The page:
In response to discovery requests, a copy of the alleged assignment was filed into the record. Poirier filed a peremptory exception pleading the objection of no right of action. In her exception, Poirier alleged that the Savoy Plaza Apartments assigned her account to Alco for a 50% contingency fee, that the assignment specifically authorized Alco to file suit on the debt allegedly owed by her, and that Alco, in turn, filed suit against her pursuant to that assignment. Poirier reasoned that the assignment is absolutely null in that it authorized Alco, a lay entity, to take legal action to collect her account for the Savoy Plaza Apartments.

After a hearing, on November 21, 1995, the city court judge denied Poirier's exception pleading the objection of no right of action.

[952582 La.App. 1 Cir. 4] From this adverse judgment, Poirier filed an application for supervisory writs with this court. By order, dated April 30, 1996, this court granted a writ of certiorari. The issue presented in this supervisory writ is whether the court erred in denying the exception pleading the objection of no right of action, thereby allowing a licensed collection agency to file a suit, in its own name, on a debt assigned to it on a contingency fee basis.

NO RIGHT OF ACTION

The peremptory exception pleading the objection of no right of action tests whether the plaintiff has any interest in judicially enforcing the right asserted. LSA-C.C.P. art. 927 A(5); Falco Lime, Inc. v. Plaquemine Contracting Co., Inc., 95-1784 p. 5 (La.App. 1st Cir. 4/4/96); 672 So.2d 356, 359; Jones v. McDonald's Corporation, 618 So.2d 992, 995 (La.App. 1st Cir.1993); Duplessis Cadillac, Inc. v. Creative Credit Services, Inc., 597 So.2d 1155, 1157 (La.App. 1st Cir.1992). The essential function of the objection is to provide a threshold device which terminates suits brought by one who has no interest in enforcing judicially the right asserted. Falco Lime, Inc. v. Plaquemine Contracting Co., Inc., 672 So.2d at 359; Jones v. McDonald's Corporation, 618 So.2d at 995. Simply stated, the exception pleading the objection of no right of action tests whether this particular plaintiff, as a matter of law, has an interest in the claim sued on. Falco Lime, Inc. v. Plaquemine Contracting Co., Inc., 672 So.2d at 359; Jones v. McDonald's Corporation, 618 So.2d at 995; Mercier v. Flugence, 408 So.2d 52, 53 (La.App. 3rd Cir.1981).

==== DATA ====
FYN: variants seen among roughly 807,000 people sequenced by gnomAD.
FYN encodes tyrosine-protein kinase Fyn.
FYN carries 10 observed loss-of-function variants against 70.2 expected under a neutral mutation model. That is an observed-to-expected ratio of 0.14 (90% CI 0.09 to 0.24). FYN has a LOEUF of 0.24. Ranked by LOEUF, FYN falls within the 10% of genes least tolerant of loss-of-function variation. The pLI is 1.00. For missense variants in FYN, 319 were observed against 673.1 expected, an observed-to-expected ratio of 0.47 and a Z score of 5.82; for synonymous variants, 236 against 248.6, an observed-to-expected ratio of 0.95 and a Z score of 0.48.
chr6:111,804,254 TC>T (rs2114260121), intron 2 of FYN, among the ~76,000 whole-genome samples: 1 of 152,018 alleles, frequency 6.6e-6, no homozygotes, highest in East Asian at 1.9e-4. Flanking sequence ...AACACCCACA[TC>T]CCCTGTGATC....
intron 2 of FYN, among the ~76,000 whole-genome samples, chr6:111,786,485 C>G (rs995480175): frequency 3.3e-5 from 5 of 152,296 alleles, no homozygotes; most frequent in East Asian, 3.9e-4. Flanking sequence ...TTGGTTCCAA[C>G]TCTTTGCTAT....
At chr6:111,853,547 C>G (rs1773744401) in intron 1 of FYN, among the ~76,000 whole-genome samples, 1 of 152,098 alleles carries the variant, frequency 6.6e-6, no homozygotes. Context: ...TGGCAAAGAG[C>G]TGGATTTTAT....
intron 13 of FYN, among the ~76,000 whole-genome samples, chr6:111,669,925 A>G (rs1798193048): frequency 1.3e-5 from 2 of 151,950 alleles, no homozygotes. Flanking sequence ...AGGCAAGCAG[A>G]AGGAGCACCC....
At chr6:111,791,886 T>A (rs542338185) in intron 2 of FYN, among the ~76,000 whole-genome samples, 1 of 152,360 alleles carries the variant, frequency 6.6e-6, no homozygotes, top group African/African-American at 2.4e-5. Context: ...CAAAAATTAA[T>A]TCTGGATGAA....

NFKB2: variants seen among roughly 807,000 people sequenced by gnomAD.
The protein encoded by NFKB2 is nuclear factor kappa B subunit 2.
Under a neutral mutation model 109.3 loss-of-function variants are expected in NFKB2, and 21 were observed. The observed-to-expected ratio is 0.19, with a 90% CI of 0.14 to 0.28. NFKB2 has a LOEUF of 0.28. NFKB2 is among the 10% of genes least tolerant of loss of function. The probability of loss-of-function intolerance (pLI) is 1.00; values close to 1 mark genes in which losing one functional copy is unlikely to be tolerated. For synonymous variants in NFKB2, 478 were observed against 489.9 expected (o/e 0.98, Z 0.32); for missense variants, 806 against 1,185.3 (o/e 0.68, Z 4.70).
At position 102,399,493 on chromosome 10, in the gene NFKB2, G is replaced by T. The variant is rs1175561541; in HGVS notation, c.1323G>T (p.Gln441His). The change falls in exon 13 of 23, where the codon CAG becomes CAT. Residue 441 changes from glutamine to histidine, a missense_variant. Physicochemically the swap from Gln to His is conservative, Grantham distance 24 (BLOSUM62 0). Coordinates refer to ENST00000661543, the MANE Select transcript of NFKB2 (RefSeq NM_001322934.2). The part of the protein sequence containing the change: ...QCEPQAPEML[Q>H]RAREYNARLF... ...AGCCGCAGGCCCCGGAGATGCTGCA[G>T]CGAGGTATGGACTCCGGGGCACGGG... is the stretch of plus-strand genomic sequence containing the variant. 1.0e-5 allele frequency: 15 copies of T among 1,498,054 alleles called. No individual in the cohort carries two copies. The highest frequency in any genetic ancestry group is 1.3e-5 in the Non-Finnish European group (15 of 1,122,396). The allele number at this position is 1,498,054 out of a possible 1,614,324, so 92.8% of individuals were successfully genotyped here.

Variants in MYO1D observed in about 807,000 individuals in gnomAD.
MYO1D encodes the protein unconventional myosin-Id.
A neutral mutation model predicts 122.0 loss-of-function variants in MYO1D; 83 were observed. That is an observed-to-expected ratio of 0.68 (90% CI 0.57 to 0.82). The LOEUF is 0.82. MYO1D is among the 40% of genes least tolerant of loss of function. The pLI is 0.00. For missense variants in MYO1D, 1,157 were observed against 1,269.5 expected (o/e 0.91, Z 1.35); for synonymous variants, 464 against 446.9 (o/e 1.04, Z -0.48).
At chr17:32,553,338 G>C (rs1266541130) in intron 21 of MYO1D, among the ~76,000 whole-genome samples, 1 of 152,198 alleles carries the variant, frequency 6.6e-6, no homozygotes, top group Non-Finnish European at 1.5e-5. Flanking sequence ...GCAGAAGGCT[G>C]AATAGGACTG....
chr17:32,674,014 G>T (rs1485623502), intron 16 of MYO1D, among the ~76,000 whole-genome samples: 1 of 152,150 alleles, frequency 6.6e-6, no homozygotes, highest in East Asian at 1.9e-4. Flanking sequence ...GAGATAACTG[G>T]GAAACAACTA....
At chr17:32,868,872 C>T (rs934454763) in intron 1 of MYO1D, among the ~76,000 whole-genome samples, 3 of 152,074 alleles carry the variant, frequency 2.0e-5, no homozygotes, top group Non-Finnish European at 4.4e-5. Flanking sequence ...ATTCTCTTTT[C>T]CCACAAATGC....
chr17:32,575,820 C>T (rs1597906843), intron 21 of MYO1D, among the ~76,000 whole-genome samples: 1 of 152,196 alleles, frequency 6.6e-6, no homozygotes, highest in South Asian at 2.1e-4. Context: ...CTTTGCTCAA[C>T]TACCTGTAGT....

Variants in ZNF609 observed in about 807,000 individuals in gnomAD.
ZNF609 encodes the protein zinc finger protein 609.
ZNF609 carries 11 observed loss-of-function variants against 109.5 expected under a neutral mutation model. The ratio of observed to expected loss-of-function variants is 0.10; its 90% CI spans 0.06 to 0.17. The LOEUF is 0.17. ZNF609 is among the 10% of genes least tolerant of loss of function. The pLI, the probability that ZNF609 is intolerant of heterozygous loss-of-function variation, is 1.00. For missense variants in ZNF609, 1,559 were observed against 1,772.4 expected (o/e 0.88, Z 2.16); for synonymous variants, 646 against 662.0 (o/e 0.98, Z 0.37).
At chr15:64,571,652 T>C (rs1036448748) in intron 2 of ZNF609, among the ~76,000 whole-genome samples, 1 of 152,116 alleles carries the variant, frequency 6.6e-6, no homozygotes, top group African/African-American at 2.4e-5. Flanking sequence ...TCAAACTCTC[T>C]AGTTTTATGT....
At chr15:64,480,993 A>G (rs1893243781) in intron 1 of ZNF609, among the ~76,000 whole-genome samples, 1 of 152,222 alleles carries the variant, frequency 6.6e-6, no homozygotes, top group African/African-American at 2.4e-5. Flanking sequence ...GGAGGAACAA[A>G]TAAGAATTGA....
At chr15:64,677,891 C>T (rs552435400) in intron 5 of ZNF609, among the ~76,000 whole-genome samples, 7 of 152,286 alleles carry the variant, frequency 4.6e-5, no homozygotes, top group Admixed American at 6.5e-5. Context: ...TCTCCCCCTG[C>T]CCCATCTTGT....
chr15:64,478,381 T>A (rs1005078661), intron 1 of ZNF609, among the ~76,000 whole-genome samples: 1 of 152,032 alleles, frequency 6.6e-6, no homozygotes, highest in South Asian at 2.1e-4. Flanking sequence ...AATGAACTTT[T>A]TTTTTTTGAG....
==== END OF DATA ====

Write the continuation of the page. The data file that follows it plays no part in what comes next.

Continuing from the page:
Evidence supporting or controverting an objection of no right of action is admissible, but objections of no right of action cannot be used simply because there may be a valid defense to the proceeding. Bank of New Roads v. Livonia South, Inc., 527 So.2d 1132, 1135 (La.App. 1st Cir.), writ denied, 532 So.2d 150 (La.1988). Generally, a party raising a peremptory exception bears the burden of proof. See Spott v. Otis Elevator Company, 601 So.2d 1355, 1361 (La.1992). To prevail on a peremptory exception pleading the objection of no right of action, the defendant must show that the plaintiff does not have an interest in the subject matter of the suit or legal capacity to proceed with the suit. Falco Lime, Inc. v. Plaquemine Contracting Co., [952582 La.App. 1 Cir. 5] Inc., 672 So.2d at 359; Jones v. McDonald's Corporation, 618 So.2d at 995; Moyers v. Altmann, 594 So.2d 6, 8 (La.App. 3rd Cir.1992).